Cher Is Not Impressed With Obama’s ISIS War

The singer is worried about how America’s campaign against the Islamic State in progressing.

Slaven Vlasic/Getty

International pop-music icon and Will & Grace guest star Cher is not particularly impressed with how President Obama has been waging war on the Islamic State.

Cher (born Cherilyn Sarkisian) is many things. She is an award-winning actress, singer, and philanthropist. Much like many other celebrities living today, she also tweets—and oftentimes those tweets turn to politics, history, and war.

Over the long Memorial Day weekend, Cher took to Twitter to sharply criticize Secretary of Defense Ashton Carter for blaming Iraqi forces’ lack of will for ISIS’s recent victory in Ramadi.

“Ash Carter Says ‘IRAQI ARMY LACKS WILL [TO] FIGHT’ YA THINK,” Cher wrote, before posting an emoji of a face crying from vigorous laughter. “Spend [money] REALLY Arming The Kurds. We BLEW Off Sunni Tribesman, [for] Shiite [government] & Now We’ll Pay [the price.]”

This wasn’t the first instance of Cher tweeting about ISIS or Iraq—not by a long shot. She has expressed—frequently in ALL CAPS—her thoughts and feelings about the crisis and Obama administration policy many times before her Memorial Day weekend venting.

“PRES..OBAMA…LOVE U, BUT ISIS IS KICKING OUR ASS, & IRAQI ARMY FIGHTS LIKE OLD [PEOPLE,] [FUUUUUUUCK]‼️” she tweeted this month. “I’M NO HAWK, but ISIS Is Major Threat 2 Safety of USA,” she posted last August. “WE BLEW [MONEY] & LOST LIVES…In Bush’s [bullshit] War, But [America] MUST Pull [the] World [together] & Rid It Of ISIS.”

And Cher has been abundantly clear about how she believes that the Bush administration essentially created ISIS by launching a disastrous war in Iraq.

Cher’s position on the ISIS war isn’t as hawkish as, say, rapper Flavor Flav’s, who has called for a large international coalition, led by the United States, to invade Syria and Iraq and crush the terror group. Her more recent foreign-policy analysis has, however, earned her at least a few golf claps from the Washington, D.C., national-security and foreign-policy community.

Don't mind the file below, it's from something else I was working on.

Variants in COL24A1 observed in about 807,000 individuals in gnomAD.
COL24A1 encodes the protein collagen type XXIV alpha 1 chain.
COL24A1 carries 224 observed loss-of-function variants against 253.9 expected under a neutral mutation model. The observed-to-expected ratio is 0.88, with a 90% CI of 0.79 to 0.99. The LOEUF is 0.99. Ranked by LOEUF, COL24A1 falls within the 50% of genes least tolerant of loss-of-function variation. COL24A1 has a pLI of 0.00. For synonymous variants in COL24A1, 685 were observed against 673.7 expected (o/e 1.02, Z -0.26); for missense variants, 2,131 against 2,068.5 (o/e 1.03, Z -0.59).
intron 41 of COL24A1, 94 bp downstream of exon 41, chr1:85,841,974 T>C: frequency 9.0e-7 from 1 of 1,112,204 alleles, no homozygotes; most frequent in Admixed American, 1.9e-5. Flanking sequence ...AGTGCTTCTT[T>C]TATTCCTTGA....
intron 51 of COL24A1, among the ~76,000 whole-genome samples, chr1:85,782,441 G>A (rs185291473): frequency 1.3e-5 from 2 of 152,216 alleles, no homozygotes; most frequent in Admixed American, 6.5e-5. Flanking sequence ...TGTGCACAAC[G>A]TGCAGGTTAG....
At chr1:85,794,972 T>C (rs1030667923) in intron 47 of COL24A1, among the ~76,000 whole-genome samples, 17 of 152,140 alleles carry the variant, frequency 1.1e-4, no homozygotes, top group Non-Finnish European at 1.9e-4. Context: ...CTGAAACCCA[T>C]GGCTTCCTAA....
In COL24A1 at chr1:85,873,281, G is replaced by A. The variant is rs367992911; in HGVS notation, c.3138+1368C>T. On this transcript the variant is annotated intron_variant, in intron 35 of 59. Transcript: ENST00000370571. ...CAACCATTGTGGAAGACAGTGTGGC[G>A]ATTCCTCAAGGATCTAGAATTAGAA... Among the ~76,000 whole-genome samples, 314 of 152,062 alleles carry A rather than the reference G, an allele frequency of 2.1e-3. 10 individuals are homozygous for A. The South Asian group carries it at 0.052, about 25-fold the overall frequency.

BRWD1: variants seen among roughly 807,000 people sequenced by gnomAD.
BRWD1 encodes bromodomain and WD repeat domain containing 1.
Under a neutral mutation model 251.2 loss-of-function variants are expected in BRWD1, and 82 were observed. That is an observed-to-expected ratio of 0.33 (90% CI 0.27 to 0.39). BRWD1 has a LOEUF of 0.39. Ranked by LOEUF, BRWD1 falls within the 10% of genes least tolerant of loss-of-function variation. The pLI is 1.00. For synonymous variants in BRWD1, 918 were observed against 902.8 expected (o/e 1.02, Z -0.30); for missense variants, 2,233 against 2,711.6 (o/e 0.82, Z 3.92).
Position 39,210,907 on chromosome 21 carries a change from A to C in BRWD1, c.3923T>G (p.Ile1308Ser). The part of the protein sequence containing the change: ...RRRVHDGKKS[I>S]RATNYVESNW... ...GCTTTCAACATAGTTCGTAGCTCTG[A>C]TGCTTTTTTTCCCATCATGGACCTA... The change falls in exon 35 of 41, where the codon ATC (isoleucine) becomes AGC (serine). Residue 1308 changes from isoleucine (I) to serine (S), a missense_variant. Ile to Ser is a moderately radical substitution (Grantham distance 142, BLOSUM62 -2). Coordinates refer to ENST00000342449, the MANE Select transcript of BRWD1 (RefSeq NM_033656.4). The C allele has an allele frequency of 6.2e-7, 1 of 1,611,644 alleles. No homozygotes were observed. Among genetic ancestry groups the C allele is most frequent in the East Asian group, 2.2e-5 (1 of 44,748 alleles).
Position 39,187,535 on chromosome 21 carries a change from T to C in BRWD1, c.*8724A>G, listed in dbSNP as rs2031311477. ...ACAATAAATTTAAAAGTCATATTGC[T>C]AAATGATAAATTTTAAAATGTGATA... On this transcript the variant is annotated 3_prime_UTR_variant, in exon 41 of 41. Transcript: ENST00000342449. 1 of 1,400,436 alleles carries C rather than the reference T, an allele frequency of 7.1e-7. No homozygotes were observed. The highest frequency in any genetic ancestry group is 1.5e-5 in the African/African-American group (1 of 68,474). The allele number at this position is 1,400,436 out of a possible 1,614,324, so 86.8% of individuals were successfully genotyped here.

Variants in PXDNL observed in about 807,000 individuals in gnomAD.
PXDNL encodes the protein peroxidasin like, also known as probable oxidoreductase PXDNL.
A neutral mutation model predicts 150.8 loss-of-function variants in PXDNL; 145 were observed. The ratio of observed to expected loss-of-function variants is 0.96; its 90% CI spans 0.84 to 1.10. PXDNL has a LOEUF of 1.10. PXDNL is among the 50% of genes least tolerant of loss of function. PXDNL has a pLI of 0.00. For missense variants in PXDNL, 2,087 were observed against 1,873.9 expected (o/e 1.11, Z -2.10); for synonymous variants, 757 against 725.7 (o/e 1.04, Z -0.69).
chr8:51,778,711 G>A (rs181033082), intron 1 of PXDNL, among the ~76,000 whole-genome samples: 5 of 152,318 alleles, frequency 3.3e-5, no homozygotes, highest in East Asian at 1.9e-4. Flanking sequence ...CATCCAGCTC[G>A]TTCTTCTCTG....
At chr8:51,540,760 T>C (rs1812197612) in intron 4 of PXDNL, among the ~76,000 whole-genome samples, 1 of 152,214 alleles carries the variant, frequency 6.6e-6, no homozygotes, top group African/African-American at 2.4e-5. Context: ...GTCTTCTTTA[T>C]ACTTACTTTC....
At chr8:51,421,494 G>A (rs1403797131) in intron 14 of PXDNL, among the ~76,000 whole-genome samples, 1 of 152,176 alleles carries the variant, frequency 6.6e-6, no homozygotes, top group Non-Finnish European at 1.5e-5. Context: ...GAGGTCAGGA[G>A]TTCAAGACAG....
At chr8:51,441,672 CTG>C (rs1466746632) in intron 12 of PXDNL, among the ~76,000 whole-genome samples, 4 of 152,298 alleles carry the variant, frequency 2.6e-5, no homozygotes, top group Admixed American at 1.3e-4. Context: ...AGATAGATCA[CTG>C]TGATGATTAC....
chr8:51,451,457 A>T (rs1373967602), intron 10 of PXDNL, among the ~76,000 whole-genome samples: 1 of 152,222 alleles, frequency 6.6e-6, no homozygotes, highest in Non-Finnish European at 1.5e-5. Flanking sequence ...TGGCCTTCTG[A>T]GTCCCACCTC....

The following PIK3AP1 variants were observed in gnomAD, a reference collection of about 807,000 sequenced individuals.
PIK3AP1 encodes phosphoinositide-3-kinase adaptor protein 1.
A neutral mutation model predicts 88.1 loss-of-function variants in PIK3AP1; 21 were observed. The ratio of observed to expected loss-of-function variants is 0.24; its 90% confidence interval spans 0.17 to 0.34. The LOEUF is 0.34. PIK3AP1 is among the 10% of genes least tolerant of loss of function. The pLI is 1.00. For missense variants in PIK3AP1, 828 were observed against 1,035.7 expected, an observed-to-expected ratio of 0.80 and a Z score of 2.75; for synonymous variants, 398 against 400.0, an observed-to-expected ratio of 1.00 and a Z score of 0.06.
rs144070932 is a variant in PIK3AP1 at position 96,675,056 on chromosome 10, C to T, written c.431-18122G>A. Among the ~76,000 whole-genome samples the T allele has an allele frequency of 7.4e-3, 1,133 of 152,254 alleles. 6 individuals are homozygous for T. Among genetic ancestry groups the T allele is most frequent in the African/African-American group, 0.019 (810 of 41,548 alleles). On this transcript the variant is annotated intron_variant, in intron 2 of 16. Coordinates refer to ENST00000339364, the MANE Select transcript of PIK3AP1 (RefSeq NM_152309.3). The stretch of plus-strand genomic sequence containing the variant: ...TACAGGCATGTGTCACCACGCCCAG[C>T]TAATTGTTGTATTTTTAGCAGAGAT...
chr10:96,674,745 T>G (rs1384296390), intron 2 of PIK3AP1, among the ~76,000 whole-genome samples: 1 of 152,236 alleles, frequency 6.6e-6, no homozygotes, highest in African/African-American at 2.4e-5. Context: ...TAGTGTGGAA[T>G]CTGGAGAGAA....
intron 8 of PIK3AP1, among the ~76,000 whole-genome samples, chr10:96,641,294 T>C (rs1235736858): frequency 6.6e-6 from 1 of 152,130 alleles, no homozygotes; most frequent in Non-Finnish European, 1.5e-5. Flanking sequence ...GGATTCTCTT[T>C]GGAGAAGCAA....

“I’d have to go with Cher’s analysis as more nuanced and more on-point than Ash Carter’s,” Daveed Gartenstein-Ross, senior fellow at the Foundation for Defense of Democracies, told The Daily Beast. “I think Cher is putting her finger on a real U.S. foreign-policy failure and I applaud her astuteness, and for recognizing it.”

Gartenstein-Ross went on to concur with Cher’s assessment that it was a huge mistake that the Obama administration “BLEW Off” Sunni tribes. “As a result, they were not in a position to meaningfully contribute in Ramadi when ISIS advanced on the city,” he said.

“Cher recognizes that in a world where sub-state actors play a much more important role in politics…sometimes you have to engage those actors directly…If I could turn back time, I would find a way to fund the Sunni tribes.”

Despite her criticism of President Obama’s ISIS strategy, Cher is a hardcore liberal. She has previously said that two terms of George W. Bush “almost killed [her],” and she has said many times that she doesn’t understand why any woman or member of a minority group would ever vote Republican.

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One of the issues she is most passionate about is U.S. military veterans, and the treatment of injured and maimed troops returning home. Below is video of when Cher actually called into C-SPAN in October 2003—surprising the host, obviously—to discuss her visit to the Walter Reed Army hospital. (She comes in around the 18-minute mark.)

“Thank you for C-SPAN, I watch it every day,” Cher says.

And here she is calling into C-SPAN again, this time to talk about proper helmets for soldiers, and “so-called Christian Republicans”:

Cher’s publicist did not immediately respond to a request for comment regarding the singer/actress’s broader views on the U.S.-led war on ISIS.